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Gates denies Iran memo as "wake-up call" to White House

2010-04-19 13:17 BJT

WASHINGTON, April 18 (Xinhua) -- U.S. Defense Secretary Robert Gates on Sunday admitted sending a memo about Iran to the White House, but denied that it was a "wake-up call," as characterized by the New York Times, which disclosed the existence of the memo earlier.

Gates said the report had "mischaracterized" the memo's "purpose and content," and it was not "intended as a 'wake-up call' or received as such by the President's national security team."

According to the New York Times report, the January memo contained "highly classified analysis," and it warned the White House official that the administration does not have an effective long-term policy for dealing with Iran's nuclear program. The source who revealed it to the media described it as a "wake-up call," a notion disputed by the White House.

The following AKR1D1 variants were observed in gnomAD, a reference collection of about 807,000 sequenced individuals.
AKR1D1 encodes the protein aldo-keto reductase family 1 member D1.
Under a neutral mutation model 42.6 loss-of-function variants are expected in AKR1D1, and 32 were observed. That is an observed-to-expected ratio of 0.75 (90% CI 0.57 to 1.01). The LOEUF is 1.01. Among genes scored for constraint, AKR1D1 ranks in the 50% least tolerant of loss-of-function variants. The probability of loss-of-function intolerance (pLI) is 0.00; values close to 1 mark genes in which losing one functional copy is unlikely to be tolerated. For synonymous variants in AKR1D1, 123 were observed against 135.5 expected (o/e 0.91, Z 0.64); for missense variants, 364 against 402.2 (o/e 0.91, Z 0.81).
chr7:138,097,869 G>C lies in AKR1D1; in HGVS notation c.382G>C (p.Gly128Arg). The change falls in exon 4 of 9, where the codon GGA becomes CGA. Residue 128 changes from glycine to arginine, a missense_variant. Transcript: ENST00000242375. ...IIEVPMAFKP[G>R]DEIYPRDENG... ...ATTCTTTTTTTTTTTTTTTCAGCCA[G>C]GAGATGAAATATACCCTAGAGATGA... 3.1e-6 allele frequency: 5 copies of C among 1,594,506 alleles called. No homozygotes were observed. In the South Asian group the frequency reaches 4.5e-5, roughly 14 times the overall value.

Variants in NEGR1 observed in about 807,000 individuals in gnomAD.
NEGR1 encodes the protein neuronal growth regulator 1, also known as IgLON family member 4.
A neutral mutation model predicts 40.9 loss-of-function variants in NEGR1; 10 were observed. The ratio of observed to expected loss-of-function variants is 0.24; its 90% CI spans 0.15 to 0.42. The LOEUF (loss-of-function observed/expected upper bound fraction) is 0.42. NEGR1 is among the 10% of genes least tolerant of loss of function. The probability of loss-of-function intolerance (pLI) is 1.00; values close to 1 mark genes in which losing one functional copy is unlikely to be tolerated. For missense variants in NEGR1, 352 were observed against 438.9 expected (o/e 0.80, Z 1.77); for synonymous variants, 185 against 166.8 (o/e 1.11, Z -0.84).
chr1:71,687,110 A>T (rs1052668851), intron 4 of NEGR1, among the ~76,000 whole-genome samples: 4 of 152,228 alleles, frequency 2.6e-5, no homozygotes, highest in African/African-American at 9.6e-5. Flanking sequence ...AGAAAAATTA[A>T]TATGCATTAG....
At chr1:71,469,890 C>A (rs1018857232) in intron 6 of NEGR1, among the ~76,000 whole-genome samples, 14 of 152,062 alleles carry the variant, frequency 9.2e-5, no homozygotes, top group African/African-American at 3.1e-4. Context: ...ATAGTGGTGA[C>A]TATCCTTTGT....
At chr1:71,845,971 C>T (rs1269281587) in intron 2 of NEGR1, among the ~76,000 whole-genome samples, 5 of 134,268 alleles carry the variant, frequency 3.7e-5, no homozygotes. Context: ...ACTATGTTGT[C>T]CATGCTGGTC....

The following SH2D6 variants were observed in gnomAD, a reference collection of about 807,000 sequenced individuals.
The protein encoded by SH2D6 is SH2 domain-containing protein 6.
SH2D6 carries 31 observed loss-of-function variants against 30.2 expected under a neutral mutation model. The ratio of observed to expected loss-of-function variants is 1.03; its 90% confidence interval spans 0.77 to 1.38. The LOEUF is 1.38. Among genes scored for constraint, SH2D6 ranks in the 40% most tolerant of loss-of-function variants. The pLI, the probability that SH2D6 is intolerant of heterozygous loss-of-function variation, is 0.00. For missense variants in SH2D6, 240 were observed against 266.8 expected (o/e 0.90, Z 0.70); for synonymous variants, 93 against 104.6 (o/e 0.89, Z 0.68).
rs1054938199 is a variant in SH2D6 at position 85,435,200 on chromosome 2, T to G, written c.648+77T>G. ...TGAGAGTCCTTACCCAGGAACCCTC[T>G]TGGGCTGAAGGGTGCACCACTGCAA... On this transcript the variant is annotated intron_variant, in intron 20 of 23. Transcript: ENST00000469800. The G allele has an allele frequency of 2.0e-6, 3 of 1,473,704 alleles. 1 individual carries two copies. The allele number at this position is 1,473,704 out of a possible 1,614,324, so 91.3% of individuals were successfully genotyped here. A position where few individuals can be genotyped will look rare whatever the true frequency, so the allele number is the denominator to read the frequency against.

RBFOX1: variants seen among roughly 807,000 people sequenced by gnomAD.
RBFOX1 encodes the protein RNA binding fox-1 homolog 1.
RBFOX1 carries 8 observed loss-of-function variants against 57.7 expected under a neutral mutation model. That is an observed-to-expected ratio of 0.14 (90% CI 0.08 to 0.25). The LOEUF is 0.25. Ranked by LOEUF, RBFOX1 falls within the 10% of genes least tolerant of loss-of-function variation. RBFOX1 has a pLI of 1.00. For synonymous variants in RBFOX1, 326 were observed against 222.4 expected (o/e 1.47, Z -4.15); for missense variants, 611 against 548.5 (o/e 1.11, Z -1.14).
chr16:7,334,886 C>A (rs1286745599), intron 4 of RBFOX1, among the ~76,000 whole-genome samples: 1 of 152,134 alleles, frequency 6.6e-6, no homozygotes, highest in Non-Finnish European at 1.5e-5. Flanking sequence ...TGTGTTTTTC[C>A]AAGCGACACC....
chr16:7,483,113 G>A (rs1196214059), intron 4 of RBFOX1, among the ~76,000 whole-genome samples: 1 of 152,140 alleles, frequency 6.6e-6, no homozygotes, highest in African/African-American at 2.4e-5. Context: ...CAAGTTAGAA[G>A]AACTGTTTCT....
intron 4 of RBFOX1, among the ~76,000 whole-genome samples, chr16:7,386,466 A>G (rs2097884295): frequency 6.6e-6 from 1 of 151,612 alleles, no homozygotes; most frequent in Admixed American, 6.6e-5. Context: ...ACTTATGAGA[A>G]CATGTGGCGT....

Gates argued with the administration's pivot to put pressure on Iran earlier this year. He said the memo simply "identified next steps" in defense planning where "further interagency discussion and policy decisions would be needed."

He said the memo "presented a number of questions and proposals intended to contribute to an orderly and timely decision making process."

According to the story, the memo came at a time when the Pentagon, the White House and the intelligence agencies were intensifying efforts to develop new options on how to deal with Iran.

The West has accused Iran of attempting to develop nuclear weapon, but Iran insists its nuclear program is for peaceful purposes only. The United States has adopted a dual-track approach to deal with the Iran nuclear issue, which is a combination of engagement and pressure.


Editor: Zhang Pengfei | Source: Xinhua